“Between 1990 and 2000, on average, 150 elephants and 40 humans died per year due to the human – elephant conflict. However, between 2010 and 2018, elephant deaths have increased to 275 and human deaths to 80 per year. The situation became worse in 2019, when 406 elephants and 122 humans died in conflict. In 2020, 307 elephants and 112 humans died. With this project the human – elephant conflict in Anuradhapura District and adjoining areas will further increase,” he said.
All out attempts to contact the company concerned on the telephone number given on its website failed.
No immediate hike in fuel prices – Udaya
Finance Minister rules out bailout package for CPC
By Rathindra Kuruwita
Finance Minister Basil Rajapaksa has told Minister of Energy Udaya Gammanpila that the Treasury is not in a position to assist the Ceylon Petroleum Corporation (CPC). However, there would not be a fuel price hike in the short term, the Minister of Energy told the media yesterday.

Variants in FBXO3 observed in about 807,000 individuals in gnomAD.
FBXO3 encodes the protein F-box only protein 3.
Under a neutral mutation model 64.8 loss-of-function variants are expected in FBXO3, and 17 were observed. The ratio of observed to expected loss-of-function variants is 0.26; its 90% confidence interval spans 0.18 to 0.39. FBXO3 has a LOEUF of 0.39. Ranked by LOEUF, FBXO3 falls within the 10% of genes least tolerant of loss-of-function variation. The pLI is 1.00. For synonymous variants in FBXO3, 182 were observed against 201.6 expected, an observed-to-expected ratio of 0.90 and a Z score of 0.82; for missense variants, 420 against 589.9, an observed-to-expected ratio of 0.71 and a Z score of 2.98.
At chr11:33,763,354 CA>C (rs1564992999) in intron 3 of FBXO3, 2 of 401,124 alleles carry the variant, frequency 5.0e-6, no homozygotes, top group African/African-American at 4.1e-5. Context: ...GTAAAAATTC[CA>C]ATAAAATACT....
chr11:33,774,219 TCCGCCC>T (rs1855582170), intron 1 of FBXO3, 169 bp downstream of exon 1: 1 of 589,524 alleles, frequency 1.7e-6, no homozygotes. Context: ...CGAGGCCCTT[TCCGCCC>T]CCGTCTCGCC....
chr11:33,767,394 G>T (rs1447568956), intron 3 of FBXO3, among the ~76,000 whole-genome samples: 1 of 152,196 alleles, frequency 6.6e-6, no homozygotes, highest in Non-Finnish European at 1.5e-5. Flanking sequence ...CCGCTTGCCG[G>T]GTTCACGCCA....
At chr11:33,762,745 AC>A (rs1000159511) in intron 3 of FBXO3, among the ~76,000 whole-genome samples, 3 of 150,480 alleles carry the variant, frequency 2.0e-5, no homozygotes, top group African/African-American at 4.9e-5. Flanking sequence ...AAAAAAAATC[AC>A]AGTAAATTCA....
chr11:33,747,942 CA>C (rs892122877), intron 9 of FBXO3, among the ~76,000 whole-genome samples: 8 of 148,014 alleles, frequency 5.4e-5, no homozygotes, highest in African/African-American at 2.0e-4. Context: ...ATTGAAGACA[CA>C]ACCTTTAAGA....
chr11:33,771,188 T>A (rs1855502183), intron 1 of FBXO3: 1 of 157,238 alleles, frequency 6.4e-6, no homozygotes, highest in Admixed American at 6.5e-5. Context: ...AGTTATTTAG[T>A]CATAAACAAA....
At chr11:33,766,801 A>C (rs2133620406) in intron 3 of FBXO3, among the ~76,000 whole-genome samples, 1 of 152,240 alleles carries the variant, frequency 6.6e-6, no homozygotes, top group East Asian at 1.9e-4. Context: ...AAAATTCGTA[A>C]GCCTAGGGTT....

Minister Gammanpila said that if a fuel hike was on the cards, he would announce it publicly.
“This is what I did last time also. This time around, I have told the people that we are facing a serious problem. We incur a loss of Rs. 15 on a litre of petrol and a loss of Rs 16 on a litre of diesel. The Chairman of the Ceylon Petroleum Corporation (CPC) has asked for a price increase,” he said.
Gammanpila said he told the Chairman of the CPC that they should first seek assistance from the Treasury. Given that prices of all essential items had increased, a significant increase in fuel prices would cause great inconvenience to the people, he said.
“At the last Cabinet meeting, I asked the Finance Minister for assistance. He said it was hard to provide assistance and was non-committal. I will again take the matter up at the next Cabinet meeting,” he said.